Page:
SINGAPORE - He's no Barbie girl.
But he is living in a Barbie world.
Mr Jian Yang, 33, owns over 6,000 Barbie dolls, making him one of the world's biggest Barbie collectors.
The largest collection, according to sources online, includes 15,000 different Barbie dolls, and belongs to a German woman.
Nevertheless, Mr Yang's dolls fill three rooms in his 1,500 sq ft terrace house in the Bartley area.
Even the floor of his bachelor pad is painted pink to match the dolls.
But not just any pink - "Pantone 219 C", Barbie's signature colour.
Displayed neatly in wall-to-wall glass cabinets, the dolls come in every outfit and hairstyle imaginable.
Some resemble celebrities like Barbra Streisand and Audrey Hepburn. Others look like characters from TV shows like Mad Men and Dynasty. Many are collectors' items still in their boxes.
There are also 50 books on Barbie including every issue of Barbie Bazaar, the official Barbie collector's magazine.
Mr Yang estimates that he has spent more than $500,000 on his dolls.
His interest started at 13, after he watched advertisements for Barbie on TV.
But she is now proud that her son has found joy from his unusual hobby.
Mr Yang said: "Initially, my parents hated my collection as boys just don't collect dolls. They even threw out my dolls!"
Initially, he himself was also embarrassed about his interest."I hid it from my parents and hated it when others called me names.
But he wasn't always confident in his hobby.
"I was afraid to buy dolls I liked, and slinked away whenever people gave me funny stares at the toy shop," he said.
"But as I grew older, I became more confident in myself and my hobby. Why should I have to explain my hobby to others? And why can't a man collect dolls?"
When he was 15, Mr Yang bought his first Barbie - a Scarlett O'Hara doll from the Gone With The Wind series.
When he started working, he spent half of his first pay cheque buying dolls.
He says: "Barbie dolls are not just about fashion. They have taught me about a lot about history and different cultures."
These days, he orders most of his dolls online. He also buys some at charity auctions and flea markets.
His most expensive doll cost him $3,600 at a charity auction in 2000.
"It might be a shocking amount to some, but the money was going to charity and I got a doll in return," he said.
Some dolls are presents from his friends, after their children have grown up.
He said: "Some kids might outgrow their dolls, but I don't think I'll ever outgrow my Barbies."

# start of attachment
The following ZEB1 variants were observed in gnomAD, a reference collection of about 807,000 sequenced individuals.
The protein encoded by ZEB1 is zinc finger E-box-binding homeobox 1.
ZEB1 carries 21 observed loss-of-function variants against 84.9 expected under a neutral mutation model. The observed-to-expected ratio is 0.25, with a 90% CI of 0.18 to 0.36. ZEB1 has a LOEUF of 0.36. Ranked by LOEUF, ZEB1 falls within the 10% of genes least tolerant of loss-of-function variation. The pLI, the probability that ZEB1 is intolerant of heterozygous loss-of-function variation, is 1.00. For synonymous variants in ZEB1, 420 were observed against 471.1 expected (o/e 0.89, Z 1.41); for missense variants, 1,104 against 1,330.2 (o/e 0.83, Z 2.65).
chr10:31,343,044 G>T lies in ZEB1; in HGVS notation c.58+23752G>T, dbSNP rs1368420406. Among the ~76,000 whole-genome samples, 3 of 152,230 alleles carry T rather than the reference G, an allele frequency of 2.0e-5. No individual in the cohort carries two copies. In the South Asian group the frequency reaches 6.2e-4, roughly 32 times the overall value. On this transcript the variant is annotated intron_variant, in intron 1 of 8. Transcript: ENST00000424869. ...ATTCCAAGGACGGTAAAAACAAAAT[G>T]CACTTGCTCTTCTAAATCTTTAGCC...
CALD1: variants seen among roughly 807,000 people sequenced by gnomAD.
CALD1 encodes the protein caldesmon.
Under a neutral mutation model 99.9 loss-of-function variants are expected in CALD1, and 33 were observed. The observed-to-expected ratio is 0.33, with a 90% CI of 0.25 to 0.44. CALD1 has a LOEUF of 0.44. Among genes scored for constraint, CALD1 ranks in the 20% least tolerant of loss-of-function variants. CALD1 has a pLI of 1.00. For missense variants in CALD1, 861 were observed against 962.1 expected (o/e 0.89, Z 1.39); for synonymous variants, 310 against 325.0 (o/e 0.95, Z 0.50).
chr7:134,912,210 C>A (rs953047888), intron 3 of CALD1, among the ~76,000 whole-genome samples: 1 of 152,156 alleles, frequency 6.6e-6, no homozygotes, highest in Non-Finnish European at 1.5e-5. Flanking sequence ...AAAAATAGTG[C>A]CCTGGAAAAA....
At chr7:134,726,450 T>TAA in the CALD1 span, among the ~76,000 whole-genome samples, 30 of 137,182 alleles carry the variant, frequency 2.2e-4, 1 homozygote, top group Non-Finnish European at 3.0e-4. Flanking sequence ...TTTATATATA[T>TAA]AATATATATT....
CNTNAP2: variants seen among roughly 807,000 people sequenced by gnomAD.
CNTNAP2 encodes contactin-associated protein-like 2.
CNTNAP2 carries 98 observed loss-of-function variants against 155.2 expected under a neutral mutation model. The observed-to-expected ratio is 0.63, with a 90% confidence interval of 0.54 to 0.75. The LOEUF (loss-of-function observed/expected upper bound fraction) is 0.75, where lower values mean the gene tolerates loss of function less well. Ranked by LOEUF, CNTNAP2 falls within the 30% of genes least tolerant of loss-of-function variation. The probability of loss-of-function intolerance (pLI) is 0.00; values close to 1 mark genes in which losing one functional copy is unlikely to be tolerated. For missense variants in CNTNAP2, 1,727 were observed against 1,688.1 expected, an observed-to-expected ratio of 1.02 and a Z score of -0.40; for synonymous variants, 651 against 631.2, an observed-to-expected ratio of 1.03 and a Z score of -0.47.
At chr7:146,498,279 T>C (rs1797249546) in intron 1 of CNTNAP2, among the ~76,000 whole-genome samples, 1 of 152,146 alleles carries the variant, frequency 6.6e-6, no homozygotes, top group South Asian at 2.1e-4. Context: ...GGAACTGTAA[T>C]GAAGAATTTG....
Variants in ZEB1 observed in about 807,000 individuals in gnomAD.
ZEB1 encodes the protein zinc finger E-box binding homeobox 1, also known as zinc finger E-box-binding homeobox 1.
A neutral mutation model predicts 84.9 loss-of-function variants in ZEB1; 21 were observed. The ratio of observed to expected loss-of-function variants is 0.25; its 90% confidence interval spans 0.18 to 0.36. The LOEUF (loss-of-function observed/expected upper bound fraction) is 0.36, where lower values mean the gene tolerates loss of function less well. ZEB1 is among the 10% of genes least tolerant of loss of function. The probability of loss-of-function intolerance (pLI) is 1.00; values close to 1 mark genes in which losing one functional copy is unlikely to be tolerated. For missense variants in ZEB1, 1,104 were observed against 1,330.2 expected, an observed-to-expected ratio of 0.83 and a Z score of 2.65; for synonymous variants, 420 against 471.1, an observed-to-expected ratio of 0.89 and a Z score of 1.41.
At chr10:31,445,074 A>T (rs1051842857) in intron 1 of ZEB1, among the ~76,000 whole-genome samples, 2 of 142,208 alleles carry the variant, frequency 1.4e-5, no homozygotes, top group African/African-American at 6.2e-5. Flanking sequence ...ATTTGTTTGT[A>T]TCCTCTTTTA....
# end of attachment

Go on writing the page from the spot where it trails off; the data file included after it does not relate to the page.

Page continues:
Not only does Mr Yang collect dolls, he also customises their faces.
First, he removes their painted features with nail polish remover, leaving a blank rubber face. Then he paints in the eyes, eyebrows and make-up with acrylic to create new looks.
He also knows how to curl the dolls' hair - by twirling it around a straw, dipping it in boiling water, and letting it dry.
He has also fashioned Ken dolls into miniature versions of himself, to reflect him at different stages of his life and jokingly calls them the "Me series".
Even as an adult, he embellishes his dolls on weekends as a form of "relaxation".
Says the former Anglo-Chinese School (Independent) and Ngee Ann Polytechnic student: "Many people think my hobby is freaky and odd. But I am not a psycho. I don't play high tea with my dolls. Neither do I stroke their hair while I watch TV.
"When friends come over to my house, they see for themselves that customising Barbie faces is an art form, and they learn to appreciate it."
As the director of strategy for Ominicom Media Group Singapore, a media and communications company, Mr Yang's key job is to do market research into the toy industry.
Other than Barbie dolls, he also has over 1,000 Bratz dolls, 300 Monster High dolls, 350 Transformer robots and 35 Furbys.
He said: "I'm lucky that I work with toys. For me, work is really play.
"Life in plastic is certainly fantastic."
Barbie musical opening here
The first full-scale Barbie musical will premiere here next month.
The two-hour long show includes a cast of 19 performing about 15 songs, mostly dance numbers.
Mr Kobi Rozenfeld, the show's director, said the show is about bravery, confidence and true friendship.
Speaking over the phone from Los Angeles, he said: "The show is for people of all ages. Even if you don't know anything about Barbie, you'd be amazed by the talented cast and fantastic costumes."
After the premiere here, the show will tour for over 60 weeks to cities in Asia, Australia and New Zealand.
WHAT: Barbie Live!
WHEN: Sept 10 to 14, 2.45pm & 6.45pm (Tuesday, Wednesday & Friday); 11am, 2.45pm & 6.45pm (Thursday & Saturday)
WHERE: MasterCard Theatres at Marina Bay Sands
TICKETS: $125 (includes photo opportunity with cast), $95, $75, $55, $35 from Sistic. Call 6348-5555 or log on to www.sistic.com.sg.
Get The New Paper for more stories.